hill country observerThe independent newspaper of eastern New York, southwestern Vermont and the Berkshires


News & Issues June 2024


Signs of economic change

Region's manufacturing takes high-tech turn as some familiar employers exit


The sign outside AngioDynamics' medical device plant in Queensbury, N.Y., says the company is now hiring, but the factory is set to shut down at the end of 2025. Employee shortages are one reason the company has cited for its decision to close its local plants and outsource all of its manufacturing. All photos by Joan K. Lentini.


The sign outside AngioDynamics' medical device plant in Queensbury, N.Y., says the company is now hiring, but the factory is set to shut down at the end of 2025. Employee shortages are one reason the company has cited for its decision to close its local plants and outsource all of its manufacturing. All photos by Joan K. Lentini.


Contributing writer


The region’s supply of good-paying manufacturing jobs will get a big boost over the next decade as GlobalFoundries carries out a planned $12.5 billion expansion of its semiconductor plants in Saratoga County and northern Vermont.

Backed by a $3.1 billion federal aid package announced in February, the company plans to enlarge its existing factory in the town of Malta, which already employs nearly 3,000 people – and build a second computer chip plant at the site. The end result will be about 1,500 new jobs in Saratoga County — as well as 1,900 temporary construction jobs.

But even as the region’s political and business leaders celebrate GlobalFoundries’ expansion, hundreds of area manufacturing jobs lately have been disappearing as a handful of large, longtime employers have shut their local factories – or announced plans to do so.

In Saratoga, Warren and Washington counties alone, plant closings completed or announced within the past year include Lehigh Hanson Cement Co. of Glens Falls, Essity Tissue’s papermaking operations in South Glens Falls and Greenwich, Quad Graphics’ magazine printing plant in Saratoga Springs, and AngioDynamics’ medical device factories in Glens Falls and Queensbury. Between them, these four companies had employed more than 1,000 people locally.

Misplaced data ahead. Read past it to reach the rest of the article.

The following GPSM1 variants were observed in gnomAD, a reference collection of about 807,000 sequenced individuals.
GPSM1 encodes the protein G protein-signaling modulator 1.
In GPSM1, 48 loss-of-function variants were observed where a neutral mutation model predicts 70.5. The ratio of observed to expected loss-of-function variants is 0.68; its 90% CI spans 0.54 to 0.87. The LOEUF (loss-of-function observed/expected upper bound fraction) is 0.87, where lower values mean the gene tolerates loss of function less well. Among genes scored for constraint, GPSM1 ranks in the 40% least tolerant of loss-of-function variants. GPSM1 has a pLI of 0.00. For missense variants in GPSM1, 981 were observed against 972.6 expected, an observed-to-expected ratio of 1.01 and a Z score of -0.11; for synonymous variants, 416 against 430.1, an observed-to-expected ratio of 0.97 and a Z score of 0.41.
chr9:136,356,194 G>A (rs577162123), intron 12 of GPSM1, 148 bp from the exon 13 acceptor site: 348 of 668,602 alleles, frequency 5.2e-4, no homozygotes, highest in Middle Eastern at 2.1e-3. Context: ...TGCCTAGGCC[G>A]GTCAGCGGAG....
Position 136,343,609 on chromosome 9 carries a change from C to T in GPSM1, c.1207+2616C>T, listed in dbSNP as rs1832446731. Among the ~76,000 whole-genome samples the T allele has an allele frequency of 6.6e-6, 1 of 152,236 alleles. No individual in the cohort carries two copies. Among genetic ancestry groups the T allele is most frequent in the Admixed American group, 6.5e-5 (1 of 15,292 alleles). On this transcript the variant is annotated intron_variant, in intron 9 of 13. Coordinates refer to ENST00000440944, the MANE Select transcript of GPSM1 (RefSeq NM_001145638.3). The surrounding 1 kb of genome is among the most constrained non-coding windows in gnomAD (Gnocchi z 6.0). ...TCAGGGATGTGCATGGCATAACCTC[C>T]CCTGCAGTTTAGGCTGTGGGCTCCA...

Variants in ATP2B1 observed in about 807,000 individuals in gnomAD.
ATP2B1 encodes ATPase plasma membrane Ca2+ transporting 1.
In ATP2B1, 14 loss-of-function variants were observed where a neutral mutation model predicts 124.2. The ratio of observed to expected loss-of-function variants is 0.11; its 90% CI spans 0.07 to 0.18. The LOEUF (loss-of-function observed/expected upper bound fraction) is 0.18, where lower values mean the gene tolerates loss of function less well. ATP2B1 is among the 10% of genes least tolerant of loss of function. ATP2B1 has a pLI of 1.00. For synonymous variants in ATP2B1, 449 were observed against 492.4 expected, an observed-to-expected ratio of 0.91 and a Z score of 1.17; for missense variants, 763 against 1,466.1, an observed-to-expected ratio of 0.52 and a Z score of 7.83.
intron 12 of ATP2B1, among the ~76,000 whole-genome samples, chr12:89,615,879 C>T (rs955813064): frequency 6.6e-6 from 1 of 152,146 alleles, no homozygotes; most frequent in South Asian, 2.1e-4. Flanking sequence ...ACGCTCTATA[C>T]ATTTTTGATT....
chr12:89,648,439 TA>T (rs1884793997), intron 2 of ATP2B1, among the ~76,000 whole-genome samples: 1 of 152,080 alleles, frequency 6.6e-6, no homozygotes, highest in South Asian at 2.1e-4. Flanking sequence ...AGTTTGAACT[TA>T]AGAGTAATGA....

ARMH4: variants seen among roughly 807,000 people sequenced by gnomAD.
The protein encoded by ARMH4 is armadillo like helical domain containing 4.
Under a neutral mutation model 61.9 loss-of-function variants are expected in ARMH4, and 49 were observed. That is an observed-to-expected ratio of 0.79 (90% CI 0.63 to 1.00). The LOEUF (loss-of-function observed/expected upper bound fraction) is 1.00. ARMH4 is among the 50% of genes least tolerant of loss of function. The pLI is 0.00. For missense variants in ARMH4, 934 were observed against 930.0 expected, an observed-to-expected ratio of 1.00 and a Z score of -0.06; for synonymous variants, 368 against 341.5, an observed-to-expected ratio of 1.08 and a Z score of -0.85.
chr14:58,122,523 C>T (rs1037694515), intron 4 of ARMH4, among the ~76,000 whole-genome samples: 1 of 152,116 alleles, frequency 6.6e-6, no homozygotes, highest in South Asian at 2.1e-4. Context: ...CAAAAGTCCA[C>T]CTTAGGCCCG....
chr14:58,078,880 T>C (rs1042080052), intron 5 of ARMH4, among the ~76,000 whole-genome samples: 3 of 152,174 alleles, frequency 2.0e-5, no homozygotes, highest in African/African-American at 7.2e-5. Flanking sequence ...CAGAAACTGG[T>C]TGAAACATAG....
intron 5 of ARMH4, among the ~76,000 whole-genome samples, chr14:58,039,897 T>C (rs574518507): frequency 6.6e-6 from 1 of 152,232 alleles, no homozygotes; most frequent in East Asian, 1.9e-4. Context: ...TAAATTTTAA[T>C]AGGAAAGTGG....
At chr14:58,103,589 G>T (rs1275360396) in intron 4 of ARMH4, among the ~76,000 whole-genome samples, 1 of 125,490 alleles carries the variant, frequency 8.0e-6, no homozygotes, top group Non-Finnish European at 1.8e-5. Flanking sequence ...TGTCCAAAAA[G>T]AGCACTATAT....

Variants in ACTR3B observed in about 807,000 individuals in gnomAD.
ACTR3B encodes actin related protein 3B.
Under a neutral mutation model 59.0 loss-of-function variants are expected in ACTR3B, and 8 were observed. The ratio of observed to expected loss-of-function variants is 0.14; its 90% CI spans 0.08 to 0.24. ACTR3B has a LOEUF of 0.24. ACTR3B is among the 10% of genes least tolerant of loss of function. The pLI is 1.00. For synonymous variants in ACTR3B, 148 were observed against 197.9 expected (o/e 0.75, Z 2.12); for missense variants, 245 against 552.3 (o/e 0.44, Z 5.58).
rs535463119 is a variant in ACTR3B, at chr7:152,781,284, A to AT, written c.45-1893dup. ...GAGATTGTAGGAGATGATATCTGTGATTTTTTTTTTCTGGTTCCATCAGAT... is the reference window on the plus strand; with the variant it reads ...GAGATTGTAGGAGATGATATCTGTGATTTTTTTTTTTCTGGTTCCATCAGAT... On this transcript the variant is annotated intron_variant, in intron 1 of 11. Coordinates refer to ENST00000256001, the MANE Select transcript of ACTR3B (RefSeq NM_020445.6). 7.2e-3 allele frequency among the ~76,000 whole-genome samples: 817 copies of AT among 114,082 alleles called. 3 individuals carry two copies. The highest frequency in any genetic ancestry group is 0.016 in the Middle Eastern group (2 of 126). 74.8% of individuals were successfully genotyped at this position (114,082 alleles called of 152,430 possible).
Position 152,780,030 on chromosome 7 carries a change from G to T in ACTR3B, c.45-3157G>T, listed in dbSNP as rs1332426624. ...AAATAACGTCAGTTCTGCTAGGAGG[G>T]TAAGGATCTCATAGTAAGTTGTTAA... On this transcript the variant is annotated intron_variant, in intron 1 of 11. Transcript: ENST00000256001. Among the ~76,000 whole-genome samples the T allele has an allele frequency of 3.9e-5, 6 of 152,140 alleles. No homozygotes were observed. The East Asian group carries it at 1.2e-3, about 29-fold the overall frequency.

Area economic development officials caution, however, that the health of the region’s manufacturing sector cannot be evaluated purely on a mathematical basis of jobs added or cut.
“What we’re seeing is the emerging of 21st century manufacturing as opposed to 20th century manufacturing,” said J. Gregory Connors, president of Saratoga Economic Development Corp.
From that standpoint, Connors and others suggested, the pending GlobalFoundries expansion is likely to be more consequential for the region’s economic future than job losses in some older industries that already were struggling.

“Jobs, no matter what industry, are always evolving,” said Chuck Barton, chief executive officer of Warren Washington Counties Industrial Development Agency. “Manufacturing is no exception.”
In New York’s Capital Region, which includes Warren, Washington, Saratoga, Rensselaer, Columbia and three other counties, overall manufacturing sector employment decreased by 400 jobs between March 2023 and March 2024, according to state Department of Labor statistics.
Jobs overall are plentiful, with unemployment rates across most of the region near historic lows, but well-paid manufacturing workers displaced by plant closings won’t necessarily find new work immediately at comparable wages.


A high-tech push
The GlobalFoundries expansion appears to be a direct result of the new federal CHIPS and Science Act, which President Biden has touted as one of his major legislative achievements. Using funding authorized by the new law, the Biden administration is providing a $1.5 billion grant and up to $1.6 billion in loans to help GlobalFoundries increase its domestic production of computer chips.

The CHIPS act, which was championed by U.S. Senate Majority Leader Charles Schumer of New York, received significant bipartisan support in the Senate but was opposed by most House Republicans including local Rep. Elise Stefanik, R-Schuylerville.

Biden and other supporters have said the law will help to counter China’s dominance of the semiconductor industry and avoid a recurrence of Covid-era supply-chain problems in which a shortage of chips disrupted domestic automobile manufacturing and other industries, contributing to a major spike in inflation.